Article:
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Reflective Writing Strategies to Show Student Understanding

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  • 0:04 What Is Reflective Writing?
  • 0:53 Using Reflective…
  • 4:45 Lesson Summary
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Lesson Transcript
Instructor: Sharon Linde

Sharon has a Masters of Science in Mathematics

Teachers can use students' writing for many purposes. One of these, reflective writing, is a great way to get a pulse on student learning. This lesson defines reflective writing and shows how it can be used to reflect student understanding.

What Is Reflective Writing?

You may already be using reflective writing and not even be aware of it. For example, if you've ever kept a diary or journal, or even jotted notes down after you learned something so you remembered it later, you were being reflective. Reflective writing is the practice of writing information down after an event or learning as a means of reflecting on and solidifying newly learned concepts and skills.

Why do we do this? It's your brain that benefits from this practice. Experiencing new material often isn't enough to learn and understand. Without further interaction and thought it may soon be forgotten. Reflecting, in the form of writing, creates new thoughts and feelings that push the learning into long-term memory in the brain. Incorporating reflective writing experiences into every classroom area increases learning and boosts comprehension.

Using Reflective Writing in Class

When we think of writing instruction and usage in classrooms, we typically think of essays, stories, or informational pieces. We consider teaching students the craft of writing, spelling, grammar, and the art of being creative. When we ask students to be reflective writers, we're teaching them to think more deeply about learning and share their experience. How does this look in a classroom?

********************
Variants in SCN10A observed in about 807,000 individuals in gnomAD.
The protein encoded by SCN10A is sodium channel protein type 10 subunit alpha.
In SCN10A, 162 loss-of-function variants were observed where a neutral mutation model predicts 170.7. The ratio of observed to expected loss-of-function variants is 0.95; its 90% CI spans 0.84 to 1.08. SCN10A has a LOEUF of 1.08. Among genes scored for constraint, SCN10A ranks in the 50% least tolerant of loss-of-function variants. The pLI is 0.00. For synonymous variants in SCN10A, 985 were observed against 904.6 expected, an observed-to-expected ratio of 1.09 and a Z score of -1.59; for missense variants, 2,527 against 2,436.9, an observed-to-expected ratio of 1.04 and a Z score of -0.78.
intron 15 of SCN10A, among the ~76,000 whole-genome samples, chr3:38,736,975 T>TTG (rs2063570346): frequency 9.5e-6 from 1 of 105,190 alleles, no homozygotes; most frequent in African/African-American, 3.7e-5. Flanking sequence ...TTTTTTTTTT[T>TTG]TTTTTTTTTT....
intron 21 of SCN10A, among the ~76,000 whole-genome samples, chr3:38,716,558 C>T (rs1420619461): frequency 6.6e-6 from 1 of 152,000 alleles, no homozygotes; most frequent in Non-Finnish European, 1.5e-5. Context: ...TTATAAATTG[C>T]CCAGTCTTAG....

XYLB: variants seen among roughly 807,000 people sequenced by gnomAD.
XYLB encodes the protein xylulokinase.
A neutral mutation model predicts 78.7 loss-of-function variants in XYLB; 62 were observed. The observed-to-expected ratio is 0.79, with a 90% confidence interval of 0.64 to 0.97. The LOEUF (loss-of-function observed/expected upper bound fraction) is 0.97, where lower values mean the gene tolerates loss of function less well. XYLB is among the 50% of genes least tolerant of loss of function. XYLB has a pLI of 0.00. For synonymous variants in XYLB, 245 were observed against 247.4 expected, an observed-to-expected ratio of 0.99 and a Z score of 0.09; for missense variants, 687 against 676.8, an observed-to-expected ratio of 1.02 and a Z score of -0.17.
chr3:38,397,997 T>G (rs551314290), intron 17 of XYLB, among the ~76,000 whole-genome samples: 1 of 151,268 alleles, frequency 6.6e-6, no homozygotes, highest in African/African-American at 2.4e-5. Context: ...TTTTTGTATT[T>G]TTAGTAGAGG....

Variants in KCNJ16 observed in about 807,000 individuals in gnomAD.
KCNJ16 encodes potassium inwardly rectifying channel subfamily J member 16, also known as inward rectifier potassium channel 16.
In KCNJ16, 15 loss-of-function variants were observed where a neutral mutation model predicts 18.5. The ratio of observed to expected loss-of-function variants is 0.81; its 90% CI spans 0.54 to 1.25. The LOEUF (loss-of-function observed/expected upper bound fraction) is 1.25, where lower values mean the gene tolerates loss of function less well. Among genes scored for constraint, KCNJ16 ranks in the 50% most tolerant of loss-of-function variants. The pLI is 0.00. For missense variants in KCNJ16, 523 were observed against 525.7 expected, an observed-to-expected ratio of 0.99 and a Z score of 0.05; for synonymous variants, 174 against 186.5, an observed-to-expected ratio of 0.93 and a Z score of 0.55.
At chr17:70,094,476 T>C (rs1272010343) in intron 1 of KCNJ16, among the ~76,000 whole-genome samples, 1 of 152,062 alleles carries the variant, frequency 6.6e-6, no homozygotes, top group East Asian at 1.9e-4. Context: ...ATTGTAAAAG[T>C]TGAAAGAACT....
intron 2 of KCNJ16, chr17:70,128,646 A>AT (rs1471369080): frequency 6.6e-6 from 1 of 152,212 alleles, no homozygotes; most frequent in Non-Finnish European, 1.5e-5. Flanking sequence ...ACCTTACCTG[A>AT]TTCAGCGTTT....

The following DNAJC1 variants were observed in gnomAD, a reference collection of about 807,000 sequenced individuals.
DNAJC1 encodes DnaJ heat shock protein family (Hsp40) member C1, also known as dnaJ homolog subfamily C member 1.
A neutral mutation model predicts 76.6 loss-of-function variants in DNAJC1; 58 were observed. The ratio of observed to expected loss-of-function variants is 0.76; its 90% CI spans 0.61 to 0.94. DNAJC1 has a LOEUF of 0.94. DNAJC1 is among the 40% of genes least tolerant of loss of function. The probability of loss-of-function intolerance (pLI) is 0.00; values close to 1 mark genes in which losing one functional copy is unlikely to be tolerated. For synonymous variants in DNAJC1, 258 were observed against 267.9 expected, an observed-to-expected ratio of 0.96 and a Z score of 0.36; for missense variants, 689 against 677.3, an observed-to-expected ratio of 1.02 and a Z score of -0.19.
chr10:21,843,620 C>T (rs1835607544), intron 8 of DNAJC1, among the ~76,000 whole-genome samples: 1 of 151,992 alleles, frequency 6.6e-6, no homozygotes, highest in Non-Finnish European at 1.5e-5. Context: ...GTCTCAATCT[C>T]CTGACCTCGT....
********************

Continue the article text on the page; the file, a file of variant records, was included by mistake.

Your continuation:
Teachers can use several techniques to foster reflective writing practices. Let's use an example of Mr. Tyler, a teacher who just finished instruction on events leading up to the Revolutionary War. He has a few choices on how to use reflective writing for this experience:

1. Reflective Journaling

Mr. Tyler may ask students to go back to their seats and write about what they learned in their reflective journals. These notebooks are used only for the purpose of reflecting. Mr. Tyler may ask students to share their thoughts after a ten-minute writing time, or he may take a look at notebooks later. He may provide a prompt, such as ''Which event was the most important leading to the war?'', asking students to defend their thinking with reasons, or allow students to openly reflect and process their learning.

2. What? So What? Now What?

Another popular reflection practice is called What? So what? Now what? Just like it sounds, students are asked to answer these three questions. For example, the 'What?' question asks what students learned about the Revolutionary War. The 'So what?' requires them to write why it matters to them and think about the impact new information had on them. Finally, the 'Now what?' prompts students to predict what new learning may come or to write about what they're going to do with this new knowledge. A student may write ''Now I have a better understanding of why freedom is important. I'll be more aware that people in our country weren't always able to do what they wanted.''

3. Exit Slips

Mr. Tyler may ask his students to complete an exit slip before leaving class. Exit slips are tools teachers use to check in on student learning, typically on an index card or small piece of paper. Teachers give students a problem or question at the end of class and in order to leave the class, the students need to complete the exit slip.

Though exit slips have many purposes and uses, such as determining student comprehension and planning future learning, an exit slip used for reflective purposes should be focused on that specific goal: student reflection. When assigning exit slips as a reflection tool, Mr. Tyler knows to provide a prompt or guiding question so his students can zoom in on the area he's looking for. Today, he wants students to do an eight-minute exit slip answering the question ''Why did freedom matter to early settlers?'' Notice, he didn't ask students to list events or name important players, though he may have used that format to check basic understanding. Exit slips that aim for reflection serve a different purpose than recall. In fact, reflection slips naturally push students to use higher level thinking skills.

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